In a leading case, the court defined a true retainer, as “a sum of money paid by a client to secure an attorney’s availability over a given period of time.  Thus, such a fee is earned by the attorney when paid since the attorney is entitled to the money regardless of whether he actually performs any services for the client.” (Baranowski v. State Bar, 24 Cal. 3d 153, 164 n. 4 (1979).)

Another court discussed the circumstances under which an attorney may retain client funds, identifying three types of payment arrangements: (1) the classic/true retainer, (2) the security retainer, and (3) the advance payment retainer. The court concluded that only a true retainer is earned upon receipt by the attorney; all other retainers must be placed in a client trust account and refunded to the client if unearned. (See T & R Foods v. Rose, 47 Cal. App. 4th Supp. 1, 7 (1996).)

In the T & R Foods case, the court identified a true retainer as the payment of a sum of money to secure availability over a period of time and found that entitlement to the fee exists whether or not services are ever rendered. (T & R Foods, 47 Cal.App.4th Supp. at 6).  The court observed that a “security” retainer, on the other hand, is a sum of money that will be held by the attorney to secure payment of fees for future services that the attorney is expected to render.  It is important to note that a security retainer remains property of the client until the attorney applies it to fees and costs for services actually rendered, and any unearned funds must be returned to the client.   An “advance payment” retainer occurs where the client pays in advance for some or all of the services that the attorney is expected to perform.  In such a case, said the court, “ownership of the funds is intended to pass to the attorney at the time of payment.”  (47 Cal. App. 4th Supp. at 7.) However, the court also found the law unsettled as to whether funds can be retained by the attorney if unearned.  Ultimately, the court concluded that there was an intent expressed in the State Bar rules that funds “retain an ownership identity with the client until earned.” (See T & R Foods, 47 Cal. App. 4th Supp. at 7.)

The fee agreement in the T & R Foods case did not create a true retainer because it stated that the attorneys would charge their services against the retainer, which was to be replenished by the client each month in order to assure that the attorneys were always holding $25,000 on their books to cover ongoing fees. The court properly found that the $25,000 deposit was in fact “an advance payment retainer.”  The court required the attorneys to segregate the funds until they had been earned.  (T & R Foods, 47 Cal.App.4th Supp. at 6.)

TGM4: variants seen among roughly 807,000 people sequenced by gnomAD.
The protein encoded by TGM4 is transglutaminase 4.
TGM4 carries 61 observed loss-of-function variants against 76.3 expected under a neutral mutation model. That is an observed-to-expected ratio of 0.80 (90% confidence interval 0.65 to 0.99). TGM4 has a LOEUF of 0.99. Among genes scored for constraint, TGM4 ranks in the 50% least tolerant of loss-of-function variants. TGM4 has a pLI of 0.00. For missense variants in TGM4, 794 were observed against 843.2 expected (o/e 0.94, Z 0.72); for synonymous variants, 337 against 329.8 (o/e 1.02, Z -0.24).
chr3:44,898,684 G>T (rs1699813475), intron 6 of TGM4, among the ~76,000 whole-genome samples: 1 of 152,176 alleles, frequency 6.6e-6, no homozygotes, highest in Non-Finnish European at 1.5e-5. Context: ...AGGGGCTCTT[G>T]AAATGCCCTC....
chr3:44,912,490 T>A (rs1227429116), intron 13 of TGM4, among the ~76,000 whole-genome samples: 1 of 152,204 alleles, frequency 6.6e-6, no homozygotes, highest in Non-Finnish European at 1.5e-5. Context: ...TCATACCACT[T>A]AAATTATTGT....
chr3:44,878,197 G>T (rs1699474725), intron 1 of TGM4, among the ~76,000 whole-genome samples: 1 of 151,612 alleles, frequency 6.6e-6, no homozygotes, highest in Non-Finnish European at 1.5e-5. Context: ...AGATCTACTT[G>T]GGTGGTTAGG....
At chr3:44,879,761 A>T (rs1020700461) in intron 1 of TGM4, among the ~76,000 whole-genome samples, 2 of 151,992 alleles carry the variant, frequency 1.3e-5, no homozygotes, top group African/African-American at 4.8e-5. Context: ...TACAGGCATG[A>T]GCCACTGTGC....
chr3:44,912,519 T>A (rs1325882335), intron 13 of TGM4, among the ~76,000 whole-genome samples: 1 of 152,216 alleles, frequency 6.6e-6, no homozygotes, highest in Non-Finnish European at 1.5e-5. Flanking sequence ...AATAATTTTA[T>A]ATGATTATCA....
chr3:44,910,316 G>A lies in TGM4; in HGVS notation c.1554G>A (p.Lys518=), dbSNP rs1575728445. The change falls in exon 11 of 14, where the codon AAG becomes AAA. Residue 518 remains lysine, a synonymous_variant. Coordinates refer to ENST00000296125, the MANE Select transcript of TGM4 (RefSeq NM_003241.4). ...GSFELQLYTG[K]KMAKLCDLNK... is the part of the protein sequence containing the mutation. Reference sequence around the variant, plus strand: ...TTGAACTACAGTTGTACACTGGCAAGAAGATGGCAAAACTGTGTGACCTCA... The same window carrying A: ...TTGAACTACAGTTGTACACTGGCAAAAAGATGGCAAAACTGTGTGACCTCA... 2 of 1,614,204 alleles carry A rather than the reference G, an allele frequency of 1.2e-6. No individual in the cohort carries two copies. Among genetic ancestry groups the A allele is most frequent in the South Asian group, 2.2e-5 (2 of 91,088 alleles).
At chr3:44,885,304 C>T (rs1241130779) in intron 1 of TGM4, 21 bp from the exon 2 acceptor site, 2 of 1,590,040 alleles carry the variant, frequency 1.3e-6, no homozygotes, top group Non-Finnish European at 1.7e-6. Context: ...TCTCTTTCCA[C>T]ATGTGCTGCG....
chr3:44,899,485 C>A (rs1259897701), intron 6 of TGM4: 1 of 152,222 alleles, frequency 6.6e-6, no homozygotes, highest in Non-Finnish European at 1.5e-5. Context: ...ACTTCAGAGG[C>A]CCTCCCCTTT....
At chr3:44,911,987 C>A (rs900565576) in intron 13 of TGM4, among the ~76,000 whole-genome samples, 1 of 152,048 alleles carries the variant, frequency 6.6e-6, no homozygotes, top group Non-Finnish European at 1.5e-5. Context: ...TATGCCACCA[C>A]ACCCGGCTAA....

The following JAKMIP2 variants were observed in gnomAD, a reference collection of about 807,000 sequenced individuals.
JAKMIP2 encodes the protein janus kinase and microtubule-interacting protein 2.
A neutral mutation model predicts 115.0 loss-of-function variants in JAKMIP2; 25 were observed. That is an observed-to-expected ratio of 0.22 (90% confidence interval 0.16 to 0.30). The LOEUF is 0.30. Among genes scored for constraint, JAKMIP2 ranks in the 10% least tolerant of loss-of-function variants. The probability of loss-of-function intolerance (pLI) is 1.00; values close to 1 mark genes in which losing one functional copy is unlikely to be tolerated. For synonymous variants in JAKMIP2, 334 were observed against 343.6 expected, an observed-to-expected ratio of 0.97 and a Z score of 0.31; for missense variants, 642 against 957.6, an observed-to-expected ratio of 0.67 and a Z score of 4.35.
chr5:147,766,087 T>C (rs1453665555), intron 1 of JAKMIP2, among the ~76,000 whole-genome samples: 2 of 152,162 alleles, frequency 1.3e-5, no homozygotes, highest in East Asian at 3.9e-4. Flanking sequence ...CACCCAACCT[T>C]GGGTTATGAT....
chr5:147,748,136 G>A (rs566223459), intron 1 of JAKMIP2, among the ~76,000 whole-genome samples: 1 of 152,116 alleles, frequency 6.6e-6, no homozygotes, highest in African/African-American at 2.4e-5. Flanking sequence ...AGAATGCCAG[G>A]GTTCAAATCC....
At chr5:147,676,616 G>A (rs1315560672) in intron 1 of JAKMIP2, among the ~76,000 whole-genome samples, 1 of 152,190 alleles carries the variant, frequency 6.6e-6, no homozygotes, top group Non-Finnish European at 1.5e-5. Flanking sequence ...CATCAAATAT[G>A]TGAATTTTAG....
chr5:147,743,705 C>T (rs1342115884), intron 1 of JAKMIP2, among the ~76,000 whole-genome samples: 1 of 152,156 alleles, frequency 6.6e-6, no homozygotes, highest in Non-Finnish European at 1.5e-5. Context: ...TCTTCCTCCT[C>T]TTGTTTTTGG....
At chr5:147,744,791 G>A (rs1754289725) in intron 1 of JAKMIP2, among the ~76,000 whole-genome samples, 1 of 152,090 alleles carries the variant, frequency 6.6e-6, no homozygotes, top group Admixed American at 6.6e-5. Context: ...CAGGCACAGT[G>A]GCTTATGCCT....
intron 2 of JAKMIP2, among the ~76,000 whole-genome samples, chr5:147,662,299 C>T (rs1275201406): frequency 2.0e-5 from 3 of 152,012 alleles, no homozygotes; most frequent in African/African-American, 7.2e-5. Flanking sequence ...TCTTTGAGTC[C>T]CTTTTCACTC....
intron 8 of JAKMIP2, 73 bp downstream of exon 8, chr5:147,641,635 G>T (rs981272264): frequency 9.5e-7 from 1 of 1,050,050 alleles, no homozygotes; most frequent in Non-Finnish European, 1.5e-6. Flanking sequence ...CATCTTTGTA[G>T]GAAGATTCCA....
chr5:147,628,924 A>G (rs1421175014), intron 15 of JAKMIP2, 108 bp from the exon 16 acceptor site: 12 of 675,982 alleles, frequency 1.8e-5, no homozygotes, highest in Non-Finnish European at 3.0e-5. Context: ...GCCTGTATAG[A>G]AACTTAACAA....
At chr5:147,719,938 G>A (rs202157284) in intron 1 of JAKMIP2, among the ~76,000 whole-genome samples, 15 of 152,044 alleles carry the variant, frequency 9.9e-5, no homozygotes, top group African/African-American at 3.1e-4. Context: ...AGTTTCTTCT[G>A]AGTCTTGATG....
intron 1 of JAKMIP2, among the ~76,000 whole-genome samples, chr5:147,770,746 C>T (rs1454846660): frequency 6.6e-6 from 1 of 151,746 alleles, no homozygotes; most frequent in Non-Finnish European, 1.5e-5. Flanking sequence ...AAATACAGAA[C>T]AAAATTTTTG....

State Bar Discipline

In cases where counsel has not properly structured a true retainer, the State Bar repeatedly finds that clients are due a refund of unearned fees, even if a payment is denominated as “non-refundable” in the parties’ agreement.  In other words, the actual treatment of the funds trumps the language of the retainer agreement.

In Matthew v. State Bar (49 Cal. 3d 784 (1989)), an attorney was retained to handle a real estate fraud matter.  The attorney required his client to provide a nonrefundable retainer “to ensure that his client would ‘work with him on the case.’”  The fee agreement required $5,000 up front, with a $10,000 ceiling on fees, and stated that the attorney would “bill for his time at the rate of $70 per hour until the bill reached $5,000.” (49 Cal. 3d at 787.) The attorney represented the client for 7 months, and the client paid over $6,000 during that time.  The attorney kept no time records and provided no billing statements, but estimated he spent 32 to 40 hours on the case. After unsuccessfully seeking a refund, the client took the attorney to arbitration to recover unearned fees.  The arbitration panel found in the client’s favor, but the attorney still did not refund the money.

The same attorney provided for a $1,000 non-refundable retainer in another fee agreement.  After the client terminated the representation, a dispute arose as to unearned fees.  The attorney failed to perform needed work; provided no billing statements; was unavailable; and “admitted that he was not diligent in this matter and that he was unable to work on the matter in a timely fashion due to his caseload.” (49 Cal.3d at 789.)

The California Supreme Court emphasized the seriousness of the attorney’s misconduct, identifying failure to refund “unearned fees as serious misconduct warranting periods of actual suspension, and in cases of habitual misconduct, disbarment.” (49 Cal. 3d at 791.)  In addition to discipline, the attorney was required to return all unearned fees, notwithstanding the “non-refundable” language in the retainer agreements. (49 Cal. 3d at 792.)

Valid Agreements